Object 10

UCS Deliverbot

2021, Wuhan, China

One morning in May 2020, Karen Collins spent an hour sorting vegetables from her garden into six plastic containers. When she was close to finishing she messaged her local market, which dispatched a Universal Courier Service courier to her house. Half an hour later, Karen deposited the containers with the courier and went for a jog in the park.

The only human involved in this process was Karen. The local market was online and fully automated, and the UCS courier was an unmanned 'deliverbot' — one of the most unassuming yet disruptive technologies of the 21st century.

I'm at the Wuhan Museum of Transportation in China, where curator Henry Whittaker has kindly set up a UCS courier vehicle for me. It's a compact thing, about a cubic-metre in size and shape, made from lightweight carbon fibre, with four small wheels and a sliding door on the top. UCS picked yellow as its corporate colour, supposedly to catch the eye and make sure any human drivers wouldn't miss it, and this courier is no different.

If I walk up to the vehicle, it should recognise the glasses I’ve been given and send an authorisation code to check that I'm the right person. And yes, I now have permission to slide open the top and deposit this package I'm sending to Dr. Whittaker. Some couriers had individual lockable compartments that could be reconfigured depending on requirements, but this one just has a single large compartment. Of course, before it'll let me drop anything in, I have to peel off a tracking sticker and put it on the package so that I can track it.

With the package safely registered inside, the courier begins trundling away, navigating to its destination at a top speed of 80 km/h using a combination of laser rangefinders, satellite positioning, and video cameras. If we were back in 2020, when millions of people were using UCS every day, then this courier might have picked up other items and made deliveries along the way, or perhaps stopped to recharge its batteries before arriving at Dr. Whittaker’s. Its route was determined by traffic levels, congestion charges, fee levels, customer location, electricity costs, and so on.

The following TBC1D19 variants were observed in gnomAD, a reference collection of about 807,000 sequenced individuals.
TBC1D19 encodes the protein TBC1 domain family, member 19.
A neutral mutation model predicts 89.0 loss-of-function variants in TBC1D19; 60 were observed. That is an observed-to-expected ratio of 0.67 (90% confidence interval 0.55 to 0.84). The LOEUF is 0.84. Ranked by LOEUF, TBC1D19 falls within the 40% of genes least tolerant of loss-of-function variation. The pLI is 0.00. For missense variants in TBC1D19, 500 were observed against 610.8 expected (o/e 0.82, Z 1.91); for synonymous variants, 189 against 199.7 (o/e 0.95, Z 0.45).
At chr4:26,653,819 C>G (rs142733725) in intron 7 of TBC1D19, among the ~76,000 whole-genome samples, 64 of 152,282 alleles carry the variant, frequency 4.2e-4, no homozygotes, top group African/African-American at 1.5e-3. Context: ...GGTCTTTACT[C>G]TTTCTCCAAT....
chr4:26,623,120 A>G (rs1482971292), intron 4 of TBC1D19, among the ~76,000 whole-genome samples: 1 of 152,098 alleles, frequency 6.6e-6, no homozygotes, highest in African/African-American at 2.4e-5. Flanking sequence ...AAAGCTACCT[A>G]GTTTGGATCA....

Since we're the only two people on its list, I can see that this bot is heading off straight towards Dr. Whittaker, who's waiting on the opposite site of the museum. You might not think that such a simple robot would be so influential — it can’t even make anything or talk to anyone, after all — but it turns out that moving things from A to B was an extraordinarily expensive and cumbersome business before UCS appeared.

This little vehicle changed entire industries. It created millions of jobs, and it destroyed tens of millions more. How did it get there? Dr. Whittaker says:

"If you look at the media from the teens, the thing everyone was most excited about was driverless cars. However, getting all the safety and insurance regulations in place for their use on public roads took years. It was deliverbots that paved the way; they faced less opposition from lobbyists, and frankly, they seemed less likely to cause injuries or scare people."

In 2017, when UCS was founded in Silicon Valley by Kevin Wing, it wasn’t competitive with existing shipping companies such as FedEx, DHL, and UPS, as it simply didn't have the infrastructure. Instead, UCS focused on two specific types of market: underserved areas in 'UCS-friendly' states such as Nevada and California, and high-density, high-volume cities such as New York and Singapore.